CC Community Team
Creative Commons (CC) is building a community volunteer team to help us develop and maintain our open source projects and community. We extend an invitation to all interested community members to be part of this team.
Joining the community team involves three steps:
- Joining one of our community forums
- Making contributions
- Applying for a role when you're eligible
Benefits of joining the Community Team
- You'll gain practical, real world, open source experience.
- You'll gain core skills ("soft skills"), technical skills, and build up your resume.
- You'll work closely with and be mentored by CC's experienced software engineers and community contributors.
- You'll have the ability to get a personal letter of recommendation from CC staff provided you have made significant contributions.
- You'll be given "priority" in internship applications (not a guaranteed acceptance, but you'll have some advantage).
- You'll engage with CC's global Free/Libre and Open Source (FLOSS) community!
- You'll advance the Creative Commons mission.
How to Contribute
You can contribute to CC in a variety of ways!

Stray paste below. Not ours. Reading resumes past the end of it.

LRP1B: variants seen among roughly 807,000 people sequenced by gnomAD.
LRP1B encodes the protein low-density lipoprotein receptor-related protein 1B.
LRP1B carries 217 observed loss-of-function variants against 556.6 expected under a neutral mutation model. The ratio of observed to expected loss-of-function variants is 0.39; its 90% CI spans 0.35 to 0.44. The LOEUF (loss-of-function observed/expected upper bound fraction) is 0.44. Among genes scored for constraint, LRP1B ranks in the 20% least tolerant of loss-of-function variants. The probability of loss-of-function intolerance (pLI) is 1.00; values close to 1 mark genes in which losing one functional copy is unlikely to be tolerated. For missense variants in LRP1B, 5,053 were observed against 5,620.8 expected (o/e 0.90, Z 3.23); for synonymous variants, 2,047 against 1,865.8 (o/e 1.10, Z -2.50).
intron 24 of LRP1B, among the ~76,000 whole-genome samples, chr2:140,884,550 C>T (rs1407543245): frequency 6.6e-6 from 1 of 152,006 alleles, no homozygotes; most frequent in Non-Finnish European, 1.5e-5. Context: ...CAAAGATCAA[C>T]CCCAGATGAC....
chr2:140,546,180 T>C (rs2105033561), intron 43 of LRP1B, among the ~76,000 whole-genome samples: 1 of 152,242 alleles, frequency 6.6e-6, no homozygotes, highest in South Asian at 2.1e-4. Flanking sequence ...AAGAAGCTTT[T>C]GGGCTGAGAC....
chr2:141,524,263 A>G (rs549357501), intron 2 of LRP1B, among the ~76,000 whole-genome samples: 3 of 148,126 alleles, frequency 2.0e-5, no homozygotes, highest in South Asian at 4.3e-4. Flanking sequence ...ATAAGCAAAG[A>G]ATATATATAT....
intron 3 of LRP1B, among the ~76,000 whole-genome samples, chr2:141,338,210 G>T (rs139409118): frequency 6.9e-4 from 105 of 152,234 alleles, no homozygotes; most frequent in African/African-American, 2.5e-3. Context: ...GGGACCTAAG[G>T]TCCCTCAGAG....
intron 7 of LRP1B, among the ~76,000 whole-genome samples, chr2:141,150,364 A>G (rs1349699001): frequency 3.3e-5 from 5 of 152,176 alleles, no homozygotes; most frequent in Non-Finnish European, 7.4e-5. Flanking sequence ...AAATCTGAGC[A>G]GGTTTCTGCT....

- Code Contribution: Submit a pull request for a CC project.
- We value the quality of your contributions highly, but if you are new to CC, open source, or even programming as a whole, this is okay! Possibly more important than quality is that you show you can incorporate feedback, and show potential for growth.
- Documentation: Improve documentation for a CC project.
- We want our projects to cover all four bases of good documentation: tutorials, how-to guides, reference documentation, and explanations.
- Issue Reporting: Report bugs or write up feature requests for a CC project.
- Writing Blog Posts: Blog about your work and contributions to CC projects or about your own CC-related projects.
- This is a great way to document the time spent in the CC community, and gives a good opportunity for introspection.
- Helping Others: Be active and help answer other people's questions in CC open source community forums.
- Pull Request Review: Review other people's pull requests (see our pull request guidelines).
- Tweet Ideas: Submit ideas for tweets from CC's Open Source Twitter account via this form.
- Issue Research: Investigate 3rd party dependencies (e.g., APIs) and document the relevant parts in issue comments.
CC's Community Team has a lot of different roles. You can apply for each role upon meeting the requirements!